When describing his beloved Sierra Nevada (and I assume the outdoors in general), John Muir once said, “everybody needs beauty as well as bread, places to play in and pray in, where nature may heal and give strength to body and soul.” As both my illness and age have advanced, I have taken these words to heart. Whether I choose to turn to the Pacific’s ocean waves, the rolling hills of wine country or the majesty of the mountains, nature and all it holds~its peace, its life, even its stories~is a medicine like no other.
On occasion I go to visit the Sequoias in the Sierra. These are known as the largest trees on earth, different from their more slender brothers and sisters on this state’s north coast, known as the world’s tallest. It amazes me how this one state, this one spot in this one country, is the only place on earth these living beings call home; where so many things had to unfold just right to make their existence possible.
On my last visit I came upon a baby barely three feet tall, overcome with morning rain on its bright green, yearning, yet overburdened branches; like Charlie Brown’s Christmas tree bending under the weight of a too heavy glass Christmas ball. And then I looked around to see its relatives, hundreds of feet tall and for some of them thousands of years old; mere babies in the time of Christ, or when other great civilizations existed. A profound reminder that my time here, our time, is a mere blip in this vast scheme of life; but also a reminder of a different sort. One of opportunity, faith, hope, miracles and perseverance.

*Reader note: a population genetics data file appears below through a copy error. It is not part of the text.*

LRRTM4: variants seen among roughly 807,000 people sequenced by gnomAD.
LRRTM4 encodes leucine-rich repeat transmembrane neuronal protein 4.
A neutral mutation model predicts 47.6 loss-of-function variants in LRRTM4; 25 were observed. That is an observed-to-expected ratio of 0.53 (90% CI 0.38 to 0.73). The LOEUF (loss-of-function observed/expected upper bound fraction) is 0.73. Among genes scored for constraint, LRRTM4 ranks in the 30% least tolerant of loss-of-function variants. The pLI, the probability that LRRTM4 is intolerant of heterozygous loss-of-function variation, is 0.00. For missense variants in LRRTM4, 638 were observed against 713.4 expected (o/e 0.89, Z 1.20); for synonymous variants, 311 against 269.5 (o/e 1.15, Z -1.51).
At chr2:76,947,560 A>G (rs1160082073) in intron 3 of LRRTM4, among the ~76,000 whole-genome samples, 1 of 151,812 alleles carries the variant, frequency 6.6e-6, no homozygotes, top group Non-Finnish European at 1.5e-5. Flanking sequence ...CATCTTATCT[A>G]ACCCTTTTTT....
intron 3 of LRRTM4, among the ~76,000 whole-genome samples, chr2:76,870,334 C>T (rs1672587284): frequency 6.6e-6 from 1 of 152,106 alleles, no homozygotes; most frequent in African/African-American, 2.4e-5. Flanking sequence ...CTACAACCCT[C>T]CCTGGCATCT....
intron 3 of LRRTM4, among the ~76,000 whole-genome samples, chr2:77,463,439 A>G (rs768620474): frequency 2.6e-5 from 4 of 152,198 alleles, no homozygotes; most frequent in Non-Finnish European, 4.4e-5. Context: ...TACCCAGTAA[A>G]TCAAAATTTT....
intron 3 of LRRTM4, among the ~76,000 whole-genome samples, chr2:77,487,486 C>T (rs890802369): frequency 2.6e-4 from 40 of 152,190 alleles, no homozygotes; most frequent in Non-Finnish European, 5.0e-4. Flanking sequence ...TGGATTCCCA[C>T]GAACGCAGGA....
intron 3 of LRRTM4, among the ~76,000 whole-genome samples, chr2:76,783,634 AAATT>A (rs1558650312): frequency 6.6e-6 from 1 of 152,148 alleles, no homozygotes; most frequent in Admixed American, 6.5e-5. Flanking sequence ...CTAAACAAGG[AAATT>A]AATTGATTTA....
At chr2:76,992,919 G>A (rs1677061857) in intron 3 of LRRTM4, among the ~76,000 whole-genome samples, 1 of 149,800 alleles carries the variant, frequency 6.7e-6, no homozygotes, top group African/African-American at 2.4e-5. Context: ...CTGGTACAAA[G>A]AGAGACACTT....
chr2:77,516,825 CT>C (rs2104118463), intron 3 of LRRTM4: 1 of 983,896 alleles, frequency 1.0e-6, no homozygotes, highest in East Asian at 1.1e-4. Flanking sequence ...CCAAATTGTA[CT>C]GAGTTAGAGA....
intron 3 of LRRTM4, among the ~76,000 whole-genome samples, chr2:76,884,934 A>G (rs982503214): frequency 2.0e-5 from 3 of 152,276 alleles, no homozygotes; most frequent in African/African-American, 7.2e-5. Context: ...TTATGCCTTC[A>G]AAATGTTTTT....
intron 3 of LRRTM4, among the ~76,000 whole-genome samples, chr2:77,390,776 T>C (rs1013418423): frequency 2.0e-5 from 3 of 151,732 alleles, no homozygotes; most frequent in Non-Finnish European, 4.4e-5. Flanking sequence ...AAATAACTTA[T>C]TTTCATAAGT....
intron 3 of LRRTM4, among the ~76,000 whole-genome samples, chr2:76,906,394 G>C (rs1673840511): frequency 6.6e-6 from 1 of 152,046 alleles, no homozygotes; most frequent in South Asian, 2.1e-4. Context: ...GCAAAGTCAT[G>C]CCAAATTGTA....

If you are lucky enough to call California home, or are lucky enough to ever visit, take some time to see the Sequoias of the Sierra Nevada, or the taller and equally as majestic redwoods of the north coast. You will never view this earth, its wonders, and even yourself the same way again.
Your very flesh shall be a great poem.
These seven or so weeks of 2015, unexpectedly, have been some of the most challenging of my life.
The monotony of doctors’ words. Too many days in bed. Friends, or people who I thought were friends, slipping away. All of it like kerosene on this fire.
I mend and break, then mend and break again.
And I mend.
As the rest of the country freezes, I look outside and see spring’s prelude; with temperatures unusually high, my daisies and tulips are emerging from their sleep ~ a reminder that while my mind, body and world will sometimes descend into a cold darkness, life truly is a faithful cycle of pause and renewal. Nature must regularly slow and endure the necessity of repose, and we do the same. With the gift of new chances and joy awaiting us on the other side.
In my few moments of light, when my mind and body are clearer, I create. I am painting. I am working on my novel again. I am doing calligraphy. My camera is no longer buried in my spare room. I look down at my hands and see paint and ink where perfect red polish used to be in my healthy days. And I love it, for how my priorities have changed and how free and new it makes me feel. And this is how I know, while few in number, the moments of light fiercely outweigh the dark ones.
And yes, while my heart has recently felt the wound of disappointment and lost friendship, I want to express my never-ending gratitude and love for my gorgeous mom and amazing husband, who continue to hold me up in miraculous ways. And to my amazing friend D, whose inspiration and belief in my talent and potential have never wavered in the face of my worst days. All three of you, and others I cherish as well, faithfully remind me of the love, bliss, peace and blessings that remain a constant. It isn’t always easy for me to see it.
“Thank you” feels so painfully inadequate.
Thank God for you.
Have a blessed weekend, everyone.